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FCPA Flash – A Conversation With Billy Jacobson

Podcast Logo

The FCPA Flash podcast provides in an audio format the same fresh, candid, and informed commentary about the Foreign Corrupt Practices Act and related topics as readers have come to expect from the written posts on FCPA Professor.

This FCPA Flash episode is a conversation with Billy Jacobson. Jacobson has experience with the FCPA from a number of vantage points few can claim.  He has been an Assistant Chief for FCPA enforcement in the DOJ fraud section.  He has been a Senior Vice President, Co-General Counsel and Chief Compliance Officer for Weatherford International Ltd., a large oil and natural gas services company that does business around the world.  Currently, he is a lawyer in private practice at Orrick and was previously a lawyer in private practice at other firms.

In the episode, Jacobson discusses the DOJ’s FCPA “pilot program” announced in April 2016, his policy suggestions for more effective FCPA enforcement, an FCPA compliance defense and what the FCPA might look like if it was passed today (instead of 1977), and whether a business organization should put the DOJ to its burden of proof.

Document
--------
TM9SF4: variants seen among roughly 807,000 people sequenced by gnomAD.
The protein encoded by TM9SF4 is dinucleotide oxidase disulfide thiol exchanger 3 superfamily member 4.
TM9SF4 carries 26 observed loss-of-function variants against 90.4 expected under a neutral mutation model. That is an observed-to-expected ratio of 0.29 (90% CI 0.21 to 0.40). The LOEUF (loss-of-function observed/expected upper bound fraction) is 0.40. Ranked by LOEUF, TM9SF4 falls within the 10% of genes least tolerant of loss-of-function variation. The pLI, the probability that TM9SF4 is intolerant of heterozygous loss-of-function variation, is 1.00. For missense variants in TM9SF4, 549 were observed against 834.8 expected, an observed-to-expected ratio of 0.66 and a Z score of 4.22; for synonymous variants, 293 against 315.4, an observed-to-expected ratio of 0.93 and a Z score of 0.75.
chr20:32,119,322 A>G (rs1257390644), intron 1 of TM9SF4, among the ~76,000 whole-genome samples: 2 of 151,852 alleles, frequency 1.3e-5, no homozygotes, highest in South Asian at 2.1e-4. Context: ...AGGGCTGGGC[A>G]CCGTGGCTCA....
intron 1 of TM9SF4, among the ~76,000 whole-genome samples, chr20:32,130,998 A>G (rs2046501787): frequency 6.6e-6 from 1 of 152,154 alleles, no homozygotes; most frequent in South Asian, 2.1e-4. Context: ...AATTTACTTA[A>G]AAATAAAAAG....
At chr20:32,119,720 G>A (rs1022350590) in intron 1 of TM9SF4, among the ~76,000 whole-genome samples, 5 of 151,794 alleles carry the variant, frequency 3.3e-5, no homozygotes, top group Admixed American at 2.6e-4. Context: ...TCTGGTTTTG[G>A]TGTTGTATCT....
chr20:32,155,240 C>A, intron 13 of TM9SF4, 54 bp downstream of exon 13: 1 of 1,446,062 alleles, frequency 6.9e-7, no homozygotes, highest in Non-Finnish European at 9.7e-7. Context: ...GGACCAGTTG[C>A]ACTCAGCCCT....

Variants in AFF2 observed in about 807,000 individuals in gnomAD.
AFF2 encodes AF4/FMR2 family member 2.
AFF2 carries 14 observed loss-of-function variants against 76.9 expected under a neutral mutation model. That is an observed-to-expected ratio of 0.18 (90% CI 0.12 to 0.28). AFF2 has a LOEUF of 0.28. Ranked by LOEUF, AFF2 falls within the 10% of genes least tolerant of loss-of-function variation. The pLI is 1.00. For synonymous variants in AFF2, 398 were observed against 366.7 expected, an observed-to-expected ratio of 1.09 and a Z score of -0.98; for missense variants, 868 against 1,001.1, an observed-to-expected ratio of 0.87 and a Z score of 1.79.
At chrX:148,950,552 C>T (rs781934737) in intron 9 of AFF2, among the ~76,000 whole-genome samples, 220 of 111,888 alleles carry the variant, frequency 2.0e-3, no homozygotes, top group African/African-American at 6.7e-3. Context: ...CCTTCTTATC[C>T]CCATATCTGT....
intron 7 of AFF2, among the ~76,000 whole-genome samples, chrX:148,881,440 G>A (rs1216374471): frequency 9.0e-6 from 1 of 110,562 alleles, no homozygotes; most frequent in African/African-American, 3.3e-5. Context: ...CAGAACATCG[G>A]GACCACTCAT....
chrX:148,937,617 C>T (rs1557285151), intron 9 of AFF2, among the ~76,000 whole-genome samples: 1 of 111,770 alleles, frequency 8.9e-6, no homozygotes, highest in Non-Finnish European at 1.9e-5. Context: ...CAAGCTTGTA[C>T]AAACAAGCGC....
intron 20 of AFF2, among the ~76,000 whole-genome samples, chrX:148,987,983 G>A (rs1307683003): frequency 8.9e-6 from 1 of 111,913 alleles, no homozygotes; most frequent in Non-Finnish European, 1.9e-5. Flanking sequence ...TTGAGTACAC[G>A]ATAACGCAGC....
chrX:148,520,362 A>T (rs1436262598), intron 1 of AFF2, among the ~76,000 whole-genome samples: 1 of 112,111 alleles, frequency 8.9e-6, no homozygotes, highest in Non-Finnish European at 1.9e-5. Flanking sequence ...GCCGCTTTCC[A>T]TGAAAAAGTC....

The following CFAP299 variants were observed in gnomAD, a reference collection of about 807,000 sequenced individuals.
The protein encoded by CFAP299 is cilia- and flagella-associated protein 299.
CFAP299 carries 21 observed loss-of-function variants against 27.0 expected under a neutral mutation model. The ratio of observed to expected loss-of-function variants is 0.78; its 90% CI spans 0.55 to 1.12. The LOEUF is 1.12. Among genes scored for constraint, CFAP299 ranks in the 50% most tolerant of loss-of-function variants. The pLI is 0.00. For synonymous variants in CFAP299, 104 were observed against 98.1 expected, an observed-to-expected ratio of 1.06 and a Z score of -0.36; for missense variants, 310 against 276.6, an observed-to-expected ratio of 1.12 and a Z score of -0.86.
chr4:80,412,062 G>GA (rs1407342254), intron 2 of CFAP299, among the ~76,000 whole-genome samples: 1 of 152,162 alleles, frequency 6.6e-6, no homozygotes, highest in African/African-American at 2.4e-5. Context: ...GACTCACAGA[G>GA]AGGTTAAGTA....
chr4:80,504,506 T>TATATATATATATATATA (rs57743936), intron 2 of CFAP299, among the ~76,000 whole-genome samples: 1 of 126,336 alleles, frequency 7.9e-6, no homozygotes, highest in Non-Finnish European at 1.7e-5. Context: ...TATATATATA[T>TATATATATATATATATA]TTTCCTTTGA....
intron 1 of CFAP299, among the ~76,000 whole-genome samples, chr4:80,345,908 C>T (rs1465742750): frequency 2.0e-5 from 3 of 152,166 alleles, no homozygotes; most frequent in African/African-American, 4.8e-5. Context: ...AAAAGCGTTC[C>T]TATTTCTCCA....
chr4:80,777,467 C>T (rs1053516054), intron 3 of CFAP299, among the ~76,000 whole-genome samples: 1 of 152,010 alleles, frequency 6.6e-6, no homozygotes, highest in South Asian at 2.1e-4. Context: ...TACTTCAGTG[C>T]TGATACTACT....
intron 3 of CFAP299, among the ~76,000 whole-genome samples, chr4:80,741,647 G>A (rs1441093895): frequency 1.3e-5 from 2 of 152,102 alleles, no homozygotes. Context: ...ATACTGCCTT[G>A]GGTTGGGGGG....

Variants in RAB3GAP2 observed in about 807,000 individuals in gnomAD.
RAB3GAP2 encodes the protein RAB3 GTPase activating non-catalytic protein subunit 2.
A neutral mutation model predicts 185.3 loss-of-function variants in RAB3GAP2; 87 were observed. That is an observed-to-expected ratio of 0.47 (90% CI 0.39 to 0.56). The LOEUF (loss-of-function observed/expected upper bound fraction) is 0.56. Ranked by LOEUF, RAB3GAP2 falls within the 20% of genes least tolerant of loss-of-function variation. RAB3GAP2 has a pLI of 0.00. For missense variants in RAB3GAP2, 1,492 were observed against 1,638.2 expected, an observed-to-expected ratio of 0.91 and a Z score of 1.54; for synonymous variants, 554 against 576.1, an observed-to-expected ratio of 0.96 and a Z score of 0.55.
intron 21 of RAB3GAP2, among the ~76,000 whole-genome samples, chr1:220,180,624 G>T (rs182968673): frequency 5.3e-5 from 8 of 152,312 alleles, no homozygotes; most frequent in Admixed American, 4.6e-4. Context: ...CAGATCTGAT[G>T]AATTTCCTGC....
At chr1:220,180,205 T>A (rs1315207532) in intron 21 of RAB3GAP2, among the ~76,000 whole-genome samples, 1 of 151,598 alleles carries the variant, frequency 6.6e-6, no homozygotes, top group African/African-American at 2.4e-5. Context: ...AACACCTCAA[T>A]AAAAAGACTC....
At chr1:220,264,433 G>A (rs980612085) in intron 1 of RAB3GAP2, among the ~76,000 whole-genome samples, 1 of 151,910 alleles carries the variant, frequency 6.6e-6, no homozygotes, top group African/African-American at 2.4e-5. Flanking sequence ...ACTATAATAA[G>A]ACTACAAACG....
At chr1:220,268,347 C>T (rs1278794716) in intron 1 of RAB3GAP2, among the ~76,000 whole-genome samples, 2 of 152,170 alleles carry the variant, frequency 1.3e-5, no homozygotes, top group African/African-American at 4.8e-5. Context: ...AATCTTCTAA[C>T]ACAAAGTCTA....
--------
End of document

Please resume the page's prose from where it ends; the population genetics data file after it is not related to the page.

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Weissmann Should Have Listened To His Former Self

Weissmann

A supreme irony regarding last week’s announcement by the DOJ of a “new” Foreign Corrupt Practices Act “pilot program” is that the substantive document highlighting the “pilot program” bears the signature of Andrew Weissmann (Chief of the DOJ’s Fraud Section).

As highlighted in this prior post, Weissmann assumed this position in January 2015 after being a vocal critic of various aspects of the DOJ’s FCPA enforcement program as well as corporate criminal liability principles generally.

As stated in the FCPA “pilot program” that bears his signature, the goal of the program is the following:

“The principal goal of this program is to promote greater accountability for individuals and companies that engage in corporate crime by motivating companies to voluntarily self-disclose FCPA-related misconduct, fully cooperate with the Fraud Section, and, where appropriate, remediate flaws in their controls and compliance programs. If successful, the pilot program will serve to further deter individuals and companies from engaging in FCPA violations in the first place, encourage companies to implement strong anti-corruption compliance programs to prevent and detect FCPA violations, and, consistent with the memorandum of the [Yates Memo] increase the Fraud Section’s ability to prosecute individual wrongdoers whose conduct might otherwise have gone undiscovered or been impossible to prove.”